Eastern Cape community prevents residents from voting in protest

Eastern Cape community prevents residents from voting in protest

  • The community of Keiskammahoek blocked the road with burned branches and prevented residents from casting their votes
  • The residents have gripe against the government for not giving them land that was promised
  • Some netizens resonated with the dissatisfaction with service delivery yet also noted the impact of not voting

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Tebogo Mokwena, a Briefly News current affairs journalist in Johannesburg, South Africa, has covered policy changes, the State of the Nation Address, politician-related news and elections at Daily Sun and Vutivi Business News for over seven years.

Residents in the Eastern Cape protested on voting day
Residents of the Keiskammhoek community prevented others from voting. Images: Waldo Swiegers/Bloomberg via Getty Images and Phill Magakoe/AFP via Getty Images
Source: Getty Images

KEISKAMMAHOEK — Residents of the Keiskammahoek community in the Eastern Cape have prevented others from voting in the 29 May general elections because of a land claim dispute.

Eastern Cape residents protest on election day

According to @Newzroom405, the community blocked the main road with branches and trees a few metres from it. Residents also stopped special voters from casting their ballots on 28 May in the community. Staff members were also allegedly intimidated by the community.

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A resident said they had a land claim with the government that they first applied for 28 years ago. Despite repeated promises, their promises were not met. He accused the South African Police Service of shooting them with rubber bullets after a government official promised to meet them two days ago and did not show up for the meeting.

View the video here:

South Africans highlight impact of not voting

Netizens sympathised with the netizens but also pointed out the negative impact of not voting in the general elections.

VoteMK29May said:

"This is sad because their not voting maintains the status quo. What they should do is vote out the party which is failing them."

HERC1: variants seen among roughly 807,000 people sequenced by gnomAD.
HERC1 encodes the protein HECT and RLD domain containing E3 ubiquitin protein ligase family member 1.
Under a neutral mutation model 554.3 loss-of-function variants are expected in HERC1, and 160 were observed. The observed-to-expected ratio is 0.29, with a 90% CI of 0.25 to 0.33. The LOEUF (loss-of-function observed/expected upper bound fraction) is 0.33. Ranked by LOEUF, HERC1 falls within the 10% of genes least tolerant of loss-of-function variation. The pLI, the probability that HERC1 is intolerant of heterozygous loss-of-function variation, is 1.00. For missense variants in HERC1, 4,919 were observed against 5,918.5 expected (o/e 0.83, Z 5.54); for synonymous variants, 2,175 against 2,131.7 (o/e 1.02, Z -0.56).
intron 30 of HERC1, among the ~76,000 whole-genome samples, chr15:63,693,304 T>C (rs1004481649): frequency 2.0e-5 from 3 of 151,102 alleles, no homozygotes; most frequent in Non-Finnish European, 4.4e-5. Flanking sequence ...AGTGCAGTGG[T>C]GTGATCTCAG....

Chitauri said:

"Good action at the wrong time. They should instead vote for MK, which talks about giving land back to the rightful owners instead of not voting at all."

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2ndopinion said:

"Ironically, the voting is the thing that will change their situation."

Rex Ntsane said:

"This is a shame. Terrorists even appear freely on camera while robbing citizens of their right to vote, and Newzroom Africa is calling it a protest. Why is this barbarism allowed?"

Monna wa Senganga said:

"They must be arrested. There are people who want to vote in that area."

Mpumalanga residents threaten not to vote because of having no water and electricity

In a similar article, Briefly News reported that Emalahleni residents threatened not to vote in the general elections.

Their community has been without water or electricity for years, and they said they would withhold their votes if they were not provided with essential services.

Source: Briefly News

Tebogo Mokwena avatar

Tebogo Mokwena (Current Affairs editor) Tebogo Mokwena is a Current Affairs Editor at Briefly News. He has a Diploma in Journalism from ALISON. He joined Daily Sun, where he worked for 4 years covering politics, crime, entertainment, current affairs, policy, governance and art. He was also a sub-editor and journalist for Capricorn Post before joining Vutivi Business News in 2020, where he covered small business news policy and governance, analysis and profiles. He joined Briefly News in 2023. Tebogo passed a set of trainings by Google News Initiative Email: tebogo.mokwena@briefly.co.za